The Case for Stock Boats

Chris Allard

Could you imagine designing your own car or truck or airplane, and then trying to build it? Unless you’re Elon Musk, you most likely couldn’t.

Today’s consumers don’t want to solve their own problems, they want turnkey solutions, and they want them now. In what industry—other than maritime—do you see customers designing their own products, putting them out for bid, and then dealing with time and cost overruns? Yet, in the maritime world most acquisitions are long, drawn-out processes, often a frustrating exercise in specification development: design the vessel, bid the design, redesign, build, make more changes while building, and then . . . wait. And so, the industry and our customers remain caught in this never-ending cycle. There are few other businesses where such a practice would be acceptable, yet it’s the norm the maritime world.

Yes, the nature of the public bid process is partially to blame, but that’s only one driver. After all, it’s common to see governments buying proven solutions in other sectors. Trucks, aircraft and heavy equipment are bought largely “right off the lot”, with little lead time, low risk and immediate return on capital. So why not boats?

Collectively as an industry we have been unable to build fully developed products, ready to serve our customers’ needs and kept in stock for prompt delivery. It’s not our customers’ fault. It’s not solely the fault of the public bid. Much of the fault is ours, and as a result, shipbuilding remains a cottage industry where small, undercapitalized players have no choice but to continue the cycle.

Along with other builders, Metal Shark shares this responsibility. Instead of building product to suit, we should be building product that suits. Suits their mission, their need and their job. As individual builders and as an industry, we can do better. How do we do this? By researching and knowing our potential customers’ needs before they ever give us an order.

Driven by this belief, four years ago Metal Shark launched its Stock Boats program and began marketing and executing a different strategy. This program was equal part reality and creativity. We started to build core models into our inventory, whether in the form of completed boats, partially completed hulls, or advance-building units on our most active production lines. As we implemented the system, we became more creative and flexible. We began to say “yes” more often, providing clients with turnkey solutions in 90 days or less.

It worked. We allocated a 38-foot U.S. Coast Guard production slot to a pilot group in order to answer their immediate security need. We took the client from order to on-water in 60 days, added the original USCG order back into the schedule, and delivered it on time. Within 90 days of another order, we did the same thing with two 45-foot river service boats delivered to Belle Chasse Marine. These were not small outboard powered boats, but fully-featured inboard diesel waterjet platforms. We even delivered an unmanned 29-foot Defiant to the USCG within 90 days of order. Think about that: an autonomous USV delivered to the USCG within 90 days!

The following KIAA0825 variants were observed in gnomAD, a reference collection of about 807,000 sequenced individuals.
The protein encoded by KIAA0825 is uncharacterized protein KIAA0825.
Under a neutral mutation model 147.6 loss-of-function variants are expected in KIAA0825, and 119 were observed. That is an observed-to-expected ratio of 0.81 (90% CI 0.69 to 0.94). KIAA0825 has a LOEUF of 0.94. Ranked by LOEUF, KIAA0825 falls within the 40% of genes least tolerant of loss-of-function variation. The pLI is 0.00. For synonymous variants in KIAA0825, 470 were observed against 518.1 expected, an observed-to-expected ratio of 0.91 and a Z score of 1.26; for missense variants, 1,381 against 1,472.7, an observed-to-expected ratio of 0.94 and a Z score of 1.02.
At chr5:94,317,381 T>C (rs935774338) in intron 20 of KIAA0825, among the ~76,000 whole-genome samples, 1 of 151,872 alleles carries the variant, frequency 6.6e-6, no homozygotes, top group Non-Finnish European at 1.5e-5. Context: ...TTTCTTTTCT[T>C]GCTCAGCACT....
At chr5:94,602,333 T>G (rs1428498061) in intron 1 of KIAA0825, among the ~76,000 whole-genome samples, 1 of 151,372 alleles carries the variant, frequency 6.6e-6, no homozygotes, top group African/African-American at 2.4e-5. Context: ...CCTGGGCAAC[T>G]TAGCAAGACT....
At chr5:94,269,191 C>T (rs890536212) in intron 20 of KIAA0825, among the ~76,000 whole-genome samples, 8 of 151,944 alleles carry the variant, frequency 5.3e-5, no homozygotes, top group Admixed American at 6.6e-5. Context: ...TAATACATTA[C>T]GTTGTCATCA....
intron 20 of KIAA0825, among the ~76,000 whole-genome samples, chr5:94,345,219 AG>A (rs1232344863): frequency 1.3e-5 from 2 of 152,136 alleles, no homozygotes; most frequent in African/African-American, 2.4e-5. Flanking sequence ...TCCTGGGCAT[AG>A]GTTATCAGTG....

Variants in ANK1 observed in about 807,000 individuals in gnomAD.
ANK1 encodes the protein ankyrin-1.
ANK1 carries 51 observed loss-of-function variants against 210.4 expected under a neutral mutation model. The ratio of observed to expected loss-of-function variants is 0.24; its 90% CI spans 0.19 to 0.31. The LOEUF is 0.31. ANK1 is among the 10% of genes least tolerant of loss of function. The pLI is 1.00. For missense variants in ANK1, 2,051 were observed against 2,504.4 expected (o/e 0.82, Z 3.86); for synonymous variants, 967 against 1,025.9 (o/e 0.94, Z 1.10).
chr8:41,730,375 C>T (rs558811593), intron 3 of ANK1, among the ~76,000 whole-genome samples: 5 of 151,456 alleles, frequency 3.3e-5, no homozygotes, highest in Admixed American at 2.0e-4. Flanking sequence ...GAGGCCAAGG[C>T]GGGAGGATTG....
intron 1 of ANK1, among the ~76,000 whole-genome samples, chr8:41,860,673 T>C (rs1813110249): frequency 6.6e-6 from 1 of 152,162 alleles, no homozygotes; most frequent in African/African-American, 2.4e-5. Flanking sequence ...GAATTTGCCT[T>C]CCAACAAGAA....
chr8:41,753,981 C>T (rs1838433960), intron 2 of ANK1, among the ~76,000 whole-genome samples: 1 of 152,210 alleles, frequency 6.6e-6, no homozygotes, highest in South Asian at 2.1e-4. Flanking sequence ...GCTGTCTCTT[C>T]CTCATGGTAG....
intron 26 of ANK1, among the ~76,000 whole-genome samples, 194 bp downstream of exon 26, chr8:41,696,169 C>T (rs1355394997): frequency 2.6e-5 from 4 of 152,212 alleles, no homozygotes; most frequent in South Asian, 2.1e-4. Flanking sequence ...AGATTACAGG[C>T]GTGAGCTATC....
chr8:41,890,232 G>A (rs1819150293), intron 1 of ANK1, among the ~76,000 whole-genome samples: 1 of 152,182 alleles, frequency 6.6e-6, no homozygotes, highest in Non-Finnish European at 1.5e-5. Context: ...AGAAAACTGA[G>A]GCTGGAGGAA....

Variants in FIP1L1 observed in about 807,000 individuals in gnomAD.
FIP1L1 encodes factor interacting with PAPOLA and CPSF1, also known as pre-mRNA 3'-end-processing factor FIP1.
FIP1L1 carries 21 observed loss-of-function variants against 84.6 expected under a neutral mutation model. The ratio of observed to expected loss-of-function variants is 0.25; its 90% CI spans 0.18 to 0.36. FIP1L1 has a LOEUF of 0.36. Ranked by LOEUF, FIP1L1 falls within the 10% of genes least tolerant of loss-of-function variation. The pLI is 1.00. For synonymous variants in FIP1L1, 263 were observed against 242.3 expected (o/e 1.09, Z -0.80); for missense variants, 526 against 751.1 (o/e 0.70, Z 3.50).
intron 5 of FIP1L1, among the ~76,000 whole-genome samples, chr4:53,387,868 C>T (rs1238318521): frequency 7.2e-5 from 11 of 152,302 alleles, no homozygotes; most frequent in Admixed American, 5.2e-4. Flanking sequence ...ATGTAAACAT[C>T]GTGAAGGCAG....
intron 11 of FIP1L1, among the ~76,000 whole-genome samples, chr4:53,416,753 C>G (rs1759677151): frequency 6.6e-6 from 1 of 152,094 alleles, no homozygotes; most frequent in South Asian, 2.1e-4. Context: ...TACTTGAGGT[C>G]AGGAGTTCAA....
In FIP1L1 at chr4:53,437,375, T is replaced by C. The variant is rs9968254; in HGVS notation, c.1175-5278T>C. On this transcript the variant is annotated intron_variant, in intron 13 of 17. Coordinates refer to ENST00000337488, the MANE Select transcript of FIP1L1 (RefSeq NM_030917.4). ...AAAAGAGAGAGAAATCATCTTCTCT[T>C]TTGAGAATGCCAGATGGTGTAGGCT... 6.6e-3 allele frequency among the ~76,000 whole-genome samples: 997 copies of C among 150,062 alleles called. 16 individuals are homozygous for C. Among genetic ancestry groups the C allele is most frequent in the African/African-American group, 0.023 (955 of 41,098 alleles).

Thanks to our Stock Boats program we have delivered dozens of other small patrol-style boats to overseas clients, commercial operators or domestic first-responders. Sometimes, as expected, the urgency was driven by expiring money or some unforeseen need. What we didn’t expect was clients who approach us with no apparent pressing need; clients who just want the ease, the low risk, and even the immediate gratification of buying something ready. Ready for whatever they need to do. Now.

The stock boat program has not yet revolutionized our business. Very large and extremely complex vessels by their nature may not readily lend themselves to this approach. The majority of our boats still remain custom ordered, designed and built. Yet, we have seen the success of this program, we believe in it, and we know it’s the way of the future. The reason we’re so committed to this approach isn’t simply because it has helped us sell additional boats. We believe in it due to an unintended but profound result that we have encountered along the way: immediate customer satisfaction. Products are delivered faster, contracting and payment processes are reduced, and most importantly, the products do the jobs for which they were intended. In today’s world, purchasers of all types are most satisfied if they get what they want and don’t have to wait for it.

And so, we continue to invest in modular design and the standardization of our product offerings, to reduce lead times, to design additional flexibility into standardized platforms, and to further build our Stock Boats program. We believe further investment is needed to bring standardized, stock offerings into other markets. Passenger vessels. Offshore patrol craft. Unmanned platforms. We believe the world is ready.

In order for American manufacturers to remain competitive, more volume is required. We are unable to compete on the world market without technology and a consistent, repeatable high rate of production. Our labor rates are (thankfully) too high, which means Americans make a good living doing what we do. To continue to compensate our people while competing with the rest of the world, we need a merciless focus on technology, automation and repetition. It is not our clients’ responsibility to get us there; we as an industry need to do it ourselves. We believe that reducing lead times and truly making boat and small ship buying an off-the-shelf experience is key to this vision.

Marine News Magazine, page 22,  Sep 2021

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Marine News is the premier magazine of the North American Inland, coastal and Offshore workboat markets.